CA Voters Will Put Porn Performers at Risk in 2016

CA Voters Will Put Porn Performers at Risk in 2016

September 15, 2015 | By Kristina Dolgin

AIDS Healthcare Foundation’s (AHF) leader Weinstein got the “California Safer Sex in the Adult Film Industry Act” on the 2016 ballot and, knowing nothing about the industry except stigma and prejudice, voters will likely go for it. This is pretty major and scary, as it will drive independent porn performers/producers out of business and subject performers to privacy violations and abuse.

But you don’t hold prejudice and stigma against sex workers, right?? Then if you’re the type of person who votes (and is allowed to vote!) in California these are the reasons why you should VOTE NO on Proposition 60.

This proposition will:[1]

1)   Mandate the use of condoms in all porn produced in California. Violations will subject producers to fines, which range from $10,000 to $30,000.[2]

Impact: Institutionalizes the notion that porn performers and sex workers are vessels of disease that must be specially regulated. This ballot measure is the fourth attempt of mandating condoms in porn despite disavow by porn performers and producers.[3]

2)   Require all porn producers to save and send a ton of private information about performers including legal name, contact information, and HIV and STI medical evaluations to a newly created state agency under (presumably) Weinstein’s control. Producers must also send a fee of $100 per SCENE. Failure will result in fines from $5,000 to $15,000. [4]

Impact: There are two major issues with this provision. First, as most porn producers are independent performers creating content in their own homes this will cause tremendous economic disincentive to working independently, driving them out of business. For independent performer/producers there is no guarantee of monetary return on creating any scene, so $100/scene will start them at a loss with the likelihood of not earning much more. Independent producers/performers tend to earn profits by volume, which means they need to produce many scenes in order to accrue a return.

If independent performer/producers are driven out of California, what then? The only porn producers that will be financially able to operate will be big, mainstream studios. That means the only porn performers that will find work are those that fit into mainstream ideals of gender, race, body size and type, etc., who will have little power in combating big businesses that often use racist, classist, and transphobic marketing tactics.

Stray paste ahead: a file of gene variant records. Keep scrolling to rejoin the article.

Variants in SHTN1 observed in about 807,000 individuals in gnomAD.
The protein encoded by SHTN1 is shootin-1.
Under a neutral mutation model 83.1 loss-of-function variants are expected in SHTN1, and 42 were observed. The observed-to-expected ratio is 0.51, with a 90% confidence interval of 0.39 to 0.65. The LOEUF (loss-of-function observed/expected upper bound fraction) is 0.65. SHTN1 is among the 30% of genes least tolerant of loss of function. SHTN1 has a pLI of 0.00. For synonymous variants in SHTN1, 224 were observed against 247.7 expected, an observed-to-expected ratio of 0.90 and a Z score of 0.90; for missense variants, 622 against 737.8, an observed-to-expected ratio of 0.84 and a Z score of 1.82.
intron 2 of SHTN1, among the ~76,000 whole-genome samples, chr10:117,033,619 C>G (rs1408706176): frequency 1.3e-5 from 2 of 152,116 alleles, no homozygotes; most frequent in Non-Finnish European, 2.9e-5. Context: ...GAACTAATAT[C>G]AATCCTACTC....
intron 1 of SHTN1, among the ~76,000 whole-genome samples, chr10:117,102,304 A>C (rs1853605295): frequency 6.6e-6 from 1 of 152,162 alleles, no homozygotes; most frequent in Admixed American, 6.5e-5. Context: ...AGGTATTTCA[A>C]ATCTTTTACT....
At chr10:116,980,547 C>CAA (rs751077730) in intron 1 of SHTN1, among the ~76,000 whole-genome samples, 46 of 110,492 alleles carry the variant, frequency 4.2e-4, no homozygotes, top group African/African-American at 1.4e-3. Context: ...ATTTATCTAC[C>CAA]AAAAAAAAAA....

Second, by requiring porn producers to save and send sensitive information about porn performers, porn performers much needed anonymity will be vulnerable to exposure. In 2011, the database for a health clinic that runs STI tests for California porn performers was stolen, resulting in the leak of 12,000 current and former performers names and contact information. Many performers reported subsequent harassment from anti-porn crusaders and predators, loss of mainstream jobs, and family fallout. By having each porn producer stockpiling this information could result in these harms happening again.

3)   Require all porn producers to pay ANOTHER $100 with an application to the newly created state agency for a “health license.” Failure to apply would result in fines up to $50/day of operation without a license.[5]

Impact: Again, independent producer/performers will receive the brunt of this economic hardship. Independent performer/producers not connected to larger porn production networks or unable to access legal information will likely not be aware such requirements exist, which means $50/day fines probably rack up pretty high before they are notified. (Ex: 30 days would be $1,500.)

4)   Allow ANY California resident to sue producers for violation of this Act with the incentive of receiving 25% of the money award and recovery of attorney fees.

Impact: As AVN staff recently wrote in response to the provision: “For many performers, of course, stalkers are an everyday threat. In addition to the profit incentive, any lawsuit against a performer would expose the performer’s legal name and home address, and give a stalker access to the performer through court appearances. Stalkers could also use the threat of a lawsuit to coerce a performer.” [6]

Footnotes:

[1] Full text of the California Safer Sex in the Adult Film Industry Act can be found here.

[2] proposed California Labor Code Section 6720.0(a) and 6720.4(b)

[3] See the St. James Infirmary’s statement against AHF’s third attempt here.

[4] Proposed Labor Code Section 6720.1.

[5] Proposed Labor Code Section 6720.2.

[6] Read article here.